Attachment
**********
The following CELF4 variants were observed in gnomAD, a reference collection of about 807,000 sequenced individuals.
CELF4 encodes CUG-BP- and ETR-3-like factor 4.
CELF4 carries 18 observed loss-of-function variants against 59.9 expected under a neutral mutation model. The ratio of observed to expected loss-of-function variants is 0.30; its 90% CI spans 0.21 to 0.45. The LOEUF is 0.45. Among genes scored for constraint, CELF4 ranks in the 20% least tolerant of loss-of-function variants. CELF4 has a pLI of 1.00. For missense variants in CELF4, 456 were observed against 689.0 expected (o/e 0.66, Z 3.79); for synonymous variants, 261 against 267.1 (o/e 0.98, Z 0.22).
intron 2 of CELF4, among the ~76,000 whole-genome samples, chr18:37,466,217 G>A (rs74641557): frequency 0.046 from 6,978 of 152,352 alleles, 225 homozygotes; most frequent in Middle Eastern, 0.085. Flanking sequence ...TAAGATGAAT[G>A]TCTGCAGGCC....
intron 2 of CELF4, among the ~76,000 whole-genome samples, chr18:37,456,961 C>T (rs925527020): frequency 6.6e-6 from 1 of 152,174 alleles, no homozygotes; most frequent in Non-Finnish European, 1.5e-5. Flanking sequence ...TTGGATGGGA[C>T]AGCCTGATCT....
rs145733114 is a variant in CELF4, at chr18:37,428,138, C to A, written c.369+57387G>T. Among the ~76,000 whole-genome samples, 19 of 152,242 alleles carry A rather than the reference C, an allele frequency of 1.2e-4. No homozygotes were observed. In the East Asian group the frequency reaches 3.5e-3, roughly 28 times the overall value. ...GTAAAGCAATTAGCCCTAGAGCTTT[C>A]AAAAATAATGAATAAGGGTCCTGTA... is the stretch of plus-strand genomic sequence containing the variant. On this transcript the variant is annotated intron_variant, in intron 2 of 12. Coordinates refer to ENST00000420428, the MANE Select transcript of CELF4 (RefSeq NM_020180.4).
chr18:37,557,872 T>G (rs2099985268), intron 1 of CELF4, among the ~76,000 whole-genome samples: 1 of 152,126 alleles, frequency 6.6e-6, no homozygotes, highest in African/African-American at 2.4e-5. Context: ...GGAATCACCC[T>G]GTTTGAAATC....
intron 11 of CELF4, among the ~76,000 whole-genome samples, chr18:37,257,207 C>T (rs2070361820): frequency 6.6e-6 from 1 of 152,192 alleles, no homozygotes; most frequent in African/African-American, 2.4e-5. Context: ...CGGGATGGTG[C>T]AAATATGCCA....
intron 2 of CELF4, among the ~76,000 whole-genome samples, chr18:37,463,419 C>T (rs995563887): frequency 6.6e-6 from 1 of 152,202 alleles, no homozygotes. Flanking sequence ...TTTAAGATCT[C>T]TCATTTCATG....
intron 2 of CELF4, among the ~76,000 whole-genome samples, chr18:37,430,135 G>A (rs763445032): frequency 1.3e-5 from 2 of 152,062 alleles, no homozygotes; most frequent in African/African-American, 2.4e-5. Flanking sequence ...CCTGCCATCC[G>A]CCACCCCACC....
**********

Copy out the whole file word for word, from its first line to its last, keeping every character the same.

The following CELF4 variants were observed in gnomAD, a reference collection of about 807,000 sequenced individuals.
CELF4 encodes CUG-BP- and ETR-3-like factor 4.
CELF4 carries 18 observed loss-of-function variants against 59.9 expected under a neutral mutation model. The ratio of observed to expected loss-of-function variants is 0.30; its 90% CI spans 0.21 to 0.45. The LOEUF is 0.45. Among genes scored for constraint, CELF4 ranks in the 20% least tolerant of loss-of-function variants. CELF4 has a pLI of 1.00. For missense variants in CELF4, 456 were observed against 689.0 expected (o/e 0.66, Z 3.79); for synonymous variants, 261 against 267.1 (o/e 0.98, Z 0.22).
intron 2 of CELF4, among the ~76,000 whole-genome samples, chr18:37,466,217 G>A (rs74641557): frequency 0.046 from 6,978 of 152,352 alleles, 225 homozygotes; most frequent in Middle Eastern, 0.085. Flanking sequence ...TAAGATGAAT[G>A]TCTGCAGGCC....
intron 2 of CELF4, among the ~76,000 whole-genome samples, chr18:37,456,961 C>T (rs925527020): frequency 6.6e-6 from 1 of 152,174 alleles, no homozygotes; most frequent in Non-Finnish European, 1.5e-5. Flanking sequence ...TTGGATGGGA[C>T]AGCCTGATCT....
rs145733114 is a variant in CELF4, at chr18:37,428,138, C to A, written c.369+57387G>T. Among the ~76,000 whole-genome samples, 19 of 152,242 alleles carry A rather than the reference C, an allele frequency of 1.2e-4. No homozygotes were observed. In the East Asian group the frequency reaches 3.5e-3, roughly 28 times the overall value. ...GTAAAGCAATTAGCCCTAGAGCTTT[C>A]AAAAATAATGAATAAGGGTCCTGTA... is the stretch of plus-strand genomic sequence containing the variant. On this transcript the variant is annotated intron_variant, in intron 2 of 12. Coordinates refer to ENST00000420428, the MANE Select transcript of CELF4 (RefSeq NM_020180.4).
chr18:37,557,872 T>G (rs2099985268), intron 1 of CELF4, among the ~76,000 whole-genome samples: 1 of 152,126 alleles, frequency 6.6e-6, no homozygotes, highest in African/African-American at 2.4e-5. Context: ...GGAATCACCC[T>G]GTTTGAAATC....
intron 11 of CELF4, among the ~76,000 whole-genome samples, chr18:37,257,207 C>T (rs2070361820): frequency 6.6e-6 from 1 of 152,192 alleles, no homozygotes; most frequent in African/African-American, 2.4e-5. Context: ...CGGGATGGTG[C>T]AAATATGCCA....
intron 2 of CELF4, among the ~76,000 whole-genome samples, chr18:37,463,419 C>T (rs995563887): frequency 6.6e-6 from 1 of 152,202 alleles, no homozygotes. Flanking sequence ...TTTAAGATCT[C>T]TCATTTCATG....
intron 2 of CELF4, among the ~76,000 whole-genome samples, chr18:37,430,135 G>A (rs763445032): frequency 1.3e-5 from 2 of 152,062 alleles, no homozygotes; most frequent in African/African-American, 2.4e-5. Flanking sequence ...CCTGCCATCC[G>A]CCACCCCACC....